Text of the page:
Increasing speed of typing

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Hi. Currently I'm using my right indext finger to type messages on the iPhone. I tend to hit the correct or neighbouring letter but I can't seem to write more than 7 words per minute. I do have Fleksi which has increased productivity and I'm typing 3 times faster but I still would like to improve my typing speed with the native keyboard. I've tried a tactile screen protector and that had slowed me down as I was concentrating on locating the dots. Can anyone recommend a method of increasing the speed of typing on the iPhone?

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Submitted by Gerardo on Friday, August 24, 2012

What I've found is to divide the keyboard into 3 quadrants by positioning the 3 fingers on the virtual keyboard: Index, middle and ring finger. With my index (I'm speaking using my right hand) I remain in the area between the a and f along with the q through r and z through v; with the middle finger I remain in the g h v b area; with the ring finger I remain in the j through ñ area along with the uper upper and lower letters. I've definitely increased not only my confidence with the virtual keyboard, but little by little start to increase my speed. Any more ideas?

I assume you're not using an iPhone 4S? If you are, dictation works very, very good - just remember to speak punctuation! (Period, comma, exclamation mark, etc) Also, dictating in public isn't something you'd normally do unless you'd speak quietly into your mic, and in a semi-crowded / noisy area so people don't really hear you. For you non 4S users, turning on autocorrect helps somewhat, as well. If you miss a letter autocorrect usually picks it up. You hear a bubble sound, it corrects the text, you slide up or down to hear more suggestions, and if you'd like to not use autocorrect in that case you can just double-tap the suggestion to cancel. HTH

I use a tactile screen protector, and just tap with my left thumb where I think the letres are, while holding the phone in the left hand.

Submitted by Deborah Armstrong on Thursday, November 12, 2015

Play text adventure games. I taught myself to type that way. I ride a bumpy paratransit van to and from work and wanted to be able to type on the onscreen keyboard well enough to compose short emails. I practiced by playing text adventures because the excitement of the game made me forget how painfully slow my typing was. When I just tried typing email it was boring, frustrating and I felt incompetent. When I played games, my speed increased without stress.

Submitted by KE7ZUM on Thursday, November 12, 2015

Actually that's a good idea. I just practice and use my left bird finger to type with. I can go at about maybe 10 words a minute which is fast enough for me.

Submitted by Megan on Thursday, November 12, 2015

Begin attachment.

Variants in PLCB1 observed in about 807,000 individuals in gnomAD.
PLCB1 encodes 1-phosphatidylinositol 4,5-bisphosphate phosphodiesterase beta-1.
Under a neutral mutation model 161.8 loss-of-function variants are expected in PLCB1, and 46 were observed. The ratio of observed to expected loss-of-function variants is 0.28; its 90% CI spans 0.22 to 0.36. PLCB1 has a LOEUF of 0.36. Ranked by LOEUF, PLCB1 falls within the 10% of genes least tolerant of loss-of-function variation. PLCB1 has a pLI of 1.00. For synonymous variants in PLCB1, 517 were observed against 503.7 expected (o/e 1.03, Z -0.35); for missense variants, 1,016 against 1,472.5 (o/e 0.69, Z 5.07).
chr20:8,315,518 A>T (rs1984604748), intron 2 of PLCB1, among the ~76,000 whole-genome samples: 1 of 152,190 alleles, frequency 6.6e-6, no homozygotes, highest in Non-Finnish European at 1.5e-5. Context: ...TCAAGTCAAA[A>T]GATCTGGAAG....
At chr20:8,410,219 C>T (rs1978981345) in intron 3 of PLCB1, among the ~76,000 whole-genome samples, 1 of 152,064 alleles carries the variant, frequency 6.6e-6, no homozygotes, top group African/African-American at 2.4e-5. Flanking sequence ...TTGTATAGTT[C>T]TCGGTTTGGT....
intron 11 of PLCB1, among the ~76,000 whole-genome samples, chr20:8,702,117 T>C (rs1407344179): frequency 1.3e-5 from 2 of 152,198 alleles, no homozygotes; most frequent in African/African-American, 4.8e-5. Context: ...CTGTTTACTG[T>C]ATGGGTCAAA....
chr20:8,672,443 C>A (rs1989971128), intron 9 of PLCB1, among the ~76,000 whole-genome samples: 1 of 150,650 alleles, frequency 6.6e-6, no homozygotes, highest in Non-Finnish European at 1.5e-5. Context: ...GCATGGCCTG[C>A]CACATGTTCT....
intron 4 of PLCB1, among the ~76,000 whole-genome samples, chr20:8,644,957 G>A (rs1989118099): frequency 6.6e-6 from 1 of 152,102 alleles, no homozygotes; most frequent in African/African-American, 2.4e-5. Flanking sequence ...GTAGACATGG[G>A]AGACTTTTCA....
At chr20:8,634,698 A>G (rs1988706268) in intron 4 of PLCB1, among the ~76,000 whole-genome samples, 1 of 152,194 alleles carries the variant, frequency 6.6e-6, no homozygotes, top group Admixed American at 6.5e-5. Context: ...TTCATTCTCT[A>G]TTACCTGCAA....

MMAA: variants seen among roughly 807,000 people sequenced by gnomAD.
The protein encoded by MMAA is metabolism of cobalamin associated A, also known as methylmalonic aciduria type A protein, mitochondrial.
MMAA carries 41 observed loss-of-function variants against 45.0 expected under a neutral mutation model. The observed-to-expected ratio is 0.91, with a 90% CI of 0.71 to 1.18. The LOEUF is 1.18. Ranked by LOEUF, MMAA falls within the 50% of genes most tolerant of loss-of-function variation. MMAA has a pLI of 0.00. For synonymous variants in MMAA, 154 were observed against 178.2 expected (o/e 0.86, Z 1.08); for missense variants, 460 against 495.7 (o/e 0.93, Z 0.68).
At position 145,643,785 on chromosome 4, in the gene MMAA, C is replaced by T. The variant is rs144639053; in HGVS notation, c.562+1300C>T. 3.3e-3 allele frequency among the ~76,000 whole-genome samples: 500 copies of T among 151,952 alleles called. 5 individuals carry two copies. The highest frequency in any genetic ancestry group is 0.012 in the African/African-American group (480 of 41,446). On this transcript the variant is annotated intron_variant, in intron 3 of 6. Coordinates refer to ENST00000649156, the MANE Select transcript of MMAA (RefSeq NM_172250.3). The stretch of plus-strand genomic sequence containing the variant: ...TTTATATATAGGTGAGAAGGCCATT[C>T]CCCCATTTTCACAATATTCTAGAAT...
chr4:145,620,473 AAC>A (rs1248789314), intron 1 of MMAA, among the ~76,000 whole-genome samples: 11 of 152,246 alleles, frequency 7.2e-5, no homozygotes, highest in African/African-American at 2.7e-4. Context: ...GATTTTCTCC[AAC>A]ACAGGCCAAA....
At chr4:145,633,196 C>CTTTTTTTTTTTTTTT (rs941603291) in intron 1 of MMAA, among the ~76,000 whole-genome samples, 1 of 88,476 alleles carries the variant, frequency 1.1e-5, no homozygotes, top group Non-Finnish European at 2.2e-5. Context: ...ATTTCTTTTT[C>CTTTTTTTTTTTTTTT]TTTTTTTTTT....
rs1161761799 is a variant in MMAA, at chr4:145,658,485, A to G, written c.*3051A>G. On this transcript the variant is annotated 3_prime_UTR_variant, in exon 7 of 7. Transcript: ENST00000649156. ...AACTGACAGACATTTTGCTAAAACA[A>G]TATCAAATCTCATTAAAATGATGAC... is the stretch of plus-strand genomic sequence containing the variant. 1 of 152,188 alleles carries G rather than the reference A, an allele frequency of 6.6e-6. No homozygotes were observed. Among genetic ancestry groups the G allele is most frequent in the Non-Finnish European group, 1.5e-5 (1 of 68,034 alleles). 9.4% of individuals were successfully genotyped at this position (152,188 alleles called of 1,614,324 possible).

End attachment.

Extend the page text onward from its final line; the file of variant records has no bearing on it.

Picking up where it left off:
I use my two thumbs to type on the keyboard, similar to how a lot of my sighted friends do it. Between that and direct touch typing, I'm limited more by how fast my thumbs can travel rather than by Voiceover. According to my mom and some friends, I actually text faster than a lot of sighted people. It definitely takes some practice and I still use Braille for passwords/etc, but for texting and emails direct touch is my go-to.. Happy typing!

Submitted by KE7ZUM on Thursday, November 12, 2015

I lost patience with my thumbs. Lol! I tend to type faster with my bird finger and many don't know how I can. It just takes practice.

Submitted by Pangeran Satry… on Friday, November 13, 2015

Hi. Why don't you use the braille screen input to type? Are you using iOS 7? If so, you can't type with braille screen input.

Submitted by peter on Friday, November 13, 2015

Have you tried putting the phone in landscape mode with Fleksy and then using all of your fingers to type like on a conventional keyboard? Putting the phone in landscape mode, even on a phone, will make the keyboard just wide enough to be able to do this.

My main frustration with the Fleksy app now is that I can't seem to be able to switch back to the default Apple keyboard when I want to. I've had to have a sighted person do that. There should be a button on the Fleksy keyboard for switching keyboards as there is with other keyboards.

--PeteOne

Submitted by Justin on Friday, November 13, 2015

Hi,
I find braille screen input, the apple version to be annoying. I just use a combination of bluetooth keyboard and touch typing on the screen to type. I think that theres a case called the boxWave, or something. I can't remember, but one of my friends has it and he uses that constantly. it's a slide out keyboard that has little keys that you can then use to type texts etc with and it connects to the phone via bluetooth like other keyboards.

Submitted by KE7ZUM on Friday, November 13, 2015

The boxwave is goign away so don't get it. Going has got to be another case like it for those of us who like quirty keyboards especually in portrate like the old candy bar phones of the dash I used to use.

Submitted by DPinWI on Friday, November 13, 2015

A while back, a developer posted here about a gesture based keyboard. I have been working with him on refining it. I am looking forward to it being available as a system keyboard for a number of reasons.

I do not like to make typos. When I use dictation or the on screen keyboard, I have to edit out errors that are not really of my own doing. The gesture based typing means that each character has a discrete gesture associated with it, so errors are minimized. Further, like Fleksy, the app can correct words based on predictions.

I find typing to be slow. Sliding around at or near the right button is not efficient. And, while I use dictation when I can, I do not always want to talk out loud to my phone in public. An app that is faster and more accurate would solve this.

I do not wish to carry another device like a keyboard. The phone is enough of a pocket filler.

I do not know how to type in Braille, and I am not sufficiently motivated to learn.

So while I'm sure i could be more accurate with practice, I think the gesture based typing holds the most promise for me. It will solve both my speed and accuracy concerns .

.

Submitted by Megan on Friday, November 13, 2015

Hello,
I find that while Braille screen input works well for inputting passwords or for use on my iPad, I do much better with my thumbs on my phone. Mostly because I can hold my phone more securely, and don't have to actively be using six fingers at once, which basically takes up both of my hands. I've gotten pretty good at using my texting thumbs and juggling my phone while I, say, use my cane or eat. Smile.

Submitted by KE7ZUM on Friday, November 13, 2015